Friday, November 18, 2005
Are religion and evolution at eternal enmity? Well, I think the answer is is not as clear as we might assume. Below are the answers to three questions:
God: "I know God exists and I have no doubts about it"
Bible: "The Bible is the actual word of God and it is to be taken literally, word for word"
Evolution: "In your opinion, how true is this? ...Human beings developed from earlier species of animals"
Country, God, Bible, Evolution
USA, 62.8, 33.5, 35.4
N Ireland, 61.4, 32.7, 51.5
Philippines, 86.2, 53.7, 60.9
Ireland, 58.7, 24.9, 60.1
Poland, 66.3, 37.4, 35.4
Italy, 51.4, 27, 65.2
New Zealand, 29.3, 9.4, 66.3
Israel, 43, 26.7, 56.9
Norway, 20.1, 11.2, 65
Great Britain, 23.8, 7, 76.7
Netherlands, 24.7, 8.4, 58.6
W. Germany, 27.3, 12.5, 72.7
Russsia, 12.4, 9.9, 41.4
Slovenia, 21.9, 22.3, 60.7
Hungary, 30.1, 19.2, 62.8
E. Germany, 9.2, 7.5, 81.6
Modest negative correlations in regards to evolution, though the number of data points isn't that high, so don't read too much into it. Interestingly, the only nation that resembles the USA is Poland. Ireland, which until recently was considered as traditionally Roman Catholic as Poland, is as evolutionarily oriented as most of the "secular" countries (i.e., closer to atheist "East Germany" than the USA). The decoupling with Poland suggests to me social factors at work, likely in Communist countries evolution was associated with the ideology of Marxist-Leninism (ironic in light of Lysenkoism, though of course even they accepted the fact of evolution, just not the orthodox process). Which brings me to Russia and the Philippines, on the one hand, Filipinos express more faith in God and the Bible than all of the other nations on the list, but this Roman Catholic country tends to accept evolutionary theory. On the other hand, 80 years of Communism have worn away the religious sensibilities of the Russian people, but they are highly skeptical of evolutionary theory. Contrast this to East Germany, just as secular, but positively predispoed toward evolution. Overall, one should be careful about wording, the evolution question seems pretty clear, but the other two have fudge room depending on how the languages weight things I suspect.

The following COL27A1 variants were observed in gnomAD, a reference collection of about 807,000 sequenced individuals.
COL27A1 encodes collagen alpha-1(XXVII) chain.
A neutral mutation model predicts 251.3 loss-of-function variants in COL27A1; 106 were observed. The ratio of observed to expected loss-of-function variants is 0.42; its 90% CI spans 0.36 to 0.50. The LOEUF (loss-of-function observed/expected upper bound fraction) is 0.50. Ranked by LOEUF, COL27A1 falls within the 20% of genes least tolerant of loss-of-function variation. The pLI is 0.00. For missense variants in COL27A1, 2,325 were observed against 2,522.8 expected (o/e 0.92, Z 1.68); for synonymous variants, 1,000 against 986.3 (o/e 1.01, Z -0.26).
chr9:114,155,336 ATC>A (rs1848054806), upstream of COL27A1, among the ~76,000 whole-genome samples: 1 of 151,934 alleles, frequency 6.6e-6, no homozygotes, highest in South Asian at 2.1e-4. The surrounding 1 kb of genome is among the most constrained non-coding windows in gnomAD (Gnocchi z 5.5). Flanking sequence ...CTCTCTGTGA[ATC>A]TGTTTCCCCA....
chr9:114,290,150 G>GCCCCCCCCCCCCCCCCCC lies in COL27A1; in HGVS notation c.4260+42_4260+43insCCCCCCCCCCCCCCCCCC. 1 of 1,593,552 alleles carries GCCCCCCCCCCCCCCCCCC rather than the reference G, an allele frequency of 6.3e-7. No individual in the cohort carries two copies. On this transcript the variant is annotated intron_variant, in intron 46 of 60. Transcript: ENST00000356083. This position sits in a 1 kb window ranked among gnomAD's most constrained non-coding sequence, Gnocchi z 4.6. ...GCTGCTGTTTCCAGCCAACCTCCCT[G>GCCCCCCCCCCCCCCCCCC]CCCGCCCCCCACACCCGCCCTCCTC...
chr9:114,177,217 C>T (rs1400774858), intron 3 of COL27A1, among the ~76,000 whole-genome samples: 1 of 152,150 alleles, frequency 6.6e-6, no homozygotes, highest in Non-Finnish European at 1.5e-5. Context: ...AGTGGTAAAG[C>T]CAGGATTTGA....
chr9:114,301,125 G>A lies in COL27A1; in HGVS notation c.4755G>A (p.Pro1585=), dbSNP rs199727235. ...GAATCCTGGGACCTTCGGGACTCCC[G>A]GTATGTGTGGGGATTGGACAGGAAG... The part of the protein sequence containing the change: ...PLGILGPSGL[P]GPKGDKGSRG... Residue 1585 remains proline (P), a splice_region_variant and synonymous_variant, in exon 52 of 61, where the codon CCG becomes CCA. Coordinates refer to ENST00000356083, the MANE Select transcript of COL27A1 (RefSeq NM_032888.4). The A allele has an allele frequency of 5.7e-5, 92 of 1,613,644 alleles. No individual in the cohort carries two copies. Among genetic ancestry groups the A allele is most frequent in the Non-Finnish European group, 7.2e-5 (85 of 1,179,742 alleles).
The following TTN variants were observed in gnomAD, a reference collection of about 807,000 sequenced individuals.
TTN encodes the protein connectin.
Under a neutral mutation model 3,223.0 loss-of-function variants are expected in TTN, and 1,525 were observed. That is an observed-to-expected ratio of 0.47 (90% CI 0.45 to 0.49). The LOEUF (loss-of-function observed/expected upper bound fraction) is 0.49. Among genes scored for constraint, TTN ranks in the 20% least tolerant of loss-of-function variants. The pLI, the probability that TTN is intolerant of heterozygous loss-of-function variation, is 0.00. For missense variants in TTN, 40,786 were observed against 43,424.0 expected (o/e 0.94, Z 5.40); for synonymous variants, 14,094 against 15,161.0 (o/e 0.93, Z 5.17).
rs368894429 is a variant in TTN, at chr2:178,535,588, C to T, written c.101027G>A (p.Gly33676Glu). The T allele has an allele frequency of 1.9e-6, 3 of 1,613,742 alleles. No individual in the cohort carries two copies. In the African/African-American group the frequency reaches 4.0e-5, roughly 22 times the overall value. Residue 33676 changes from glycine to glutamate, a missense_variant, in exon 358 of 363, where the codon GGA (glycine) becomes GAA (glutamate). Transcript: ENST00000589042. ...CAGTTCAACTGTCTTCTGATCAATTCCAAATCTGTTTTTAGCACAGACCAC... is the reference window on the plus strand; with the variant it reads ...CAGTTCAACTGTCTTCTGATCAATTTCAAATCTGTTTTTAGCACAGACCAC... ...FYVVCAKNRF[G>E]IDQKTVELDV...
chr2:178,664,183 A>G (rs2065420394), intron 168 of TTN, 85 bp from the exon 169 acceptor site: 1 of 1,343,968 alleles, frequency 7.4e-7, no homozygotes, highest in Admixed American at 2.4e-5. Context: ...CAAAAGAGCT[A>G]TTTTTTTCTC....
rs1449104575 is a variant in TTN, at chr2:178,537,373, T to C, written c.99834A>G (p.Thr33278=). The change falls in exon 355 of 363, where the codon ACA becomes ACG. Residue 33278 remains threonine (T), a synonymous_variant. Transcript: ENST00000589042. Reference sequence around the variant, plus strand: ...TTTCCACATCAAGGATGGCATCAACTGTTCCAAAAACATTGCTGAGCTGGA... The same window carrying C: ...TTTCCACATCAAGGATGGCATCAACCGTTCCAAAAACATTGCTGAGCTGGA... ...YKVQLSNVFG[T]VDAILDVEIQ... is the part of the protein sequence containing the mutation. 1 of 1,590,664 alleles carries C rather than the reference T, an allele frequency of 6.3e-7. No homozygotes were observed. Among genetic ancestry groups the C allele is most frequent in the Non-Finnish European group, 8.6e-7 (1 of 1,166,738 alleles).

Other data points welcome.
Note, Correlations without the Philippines:
Without the USA:
Addendum: Please note that the question was phrased in regards to the origin of humans. This is the sticking point in regards to evolution for many, the idea that humans and animals have some relationship is innately abhorrent. Or is it?
Many of you know I have an interest in the cognitive study of religion. There are certain gross features of religious expression that are universal. Belief in an anthropomorphized supernatural agent is one of them. Even in religions, like Islam, where God is a power of unfathomable majesty, or those like Buddhist which explicitly reject a Creator God, supernatural agents are referred to in very similar terms by everyday believers. You can take the religion out of supernatural agents, but you can't take supernatural agents out of the religion.
Those of us who live in the United States are somewhat skewed I think by the interaction we have with fundamentalist Protestants of a particular sort in assuming that by their nature religious individuals will reject an animal origin for our species. In part this is because fundamentalist Protestants make their objections most forcefully on these grounds. But I think if one looks at the long view of religious belief, there is no fundamental canalized bias toward rejecting an animal origin for humanity.1 I emphasize origin because there is clearly a bias to recognize that humans are somehow different, superior, but the relationship between man and beast is often far more intimate than acknowledged within fundamentalist Protestanism as it has manifested itself in the United States. We all know about Native American religious traditions which imply a kinship, and common origin, between various species and humans. We also are aware that Egyptians explicitly worshipped Gods in animal form. The Myrmidons of Achilles were derived from ants. In many Hindu religious traditions the boundary between man and animal is more diffused than in the Abrahamic creeds.
In short, there is no reason to a priori counterpose an acceptance of the animal origins of the human species (physically) with religion in the broad sense. Rather, it is a particular religious tradition which has born fruit in the United States and is now being exported throughout the world which rebels against this identification. To be frank, I suspect that some atheists who tightly couple their evolutionism with their anti-religionism (Richard Dawkins) have a difficult time in making the distinction between conservative Protestantism and religion in the broad sense.
1 - Remember that peoples are often liable to cast aspersions of bestial character on other nations, and, there have been confusions as to whether Great Apes are simply a form of "man."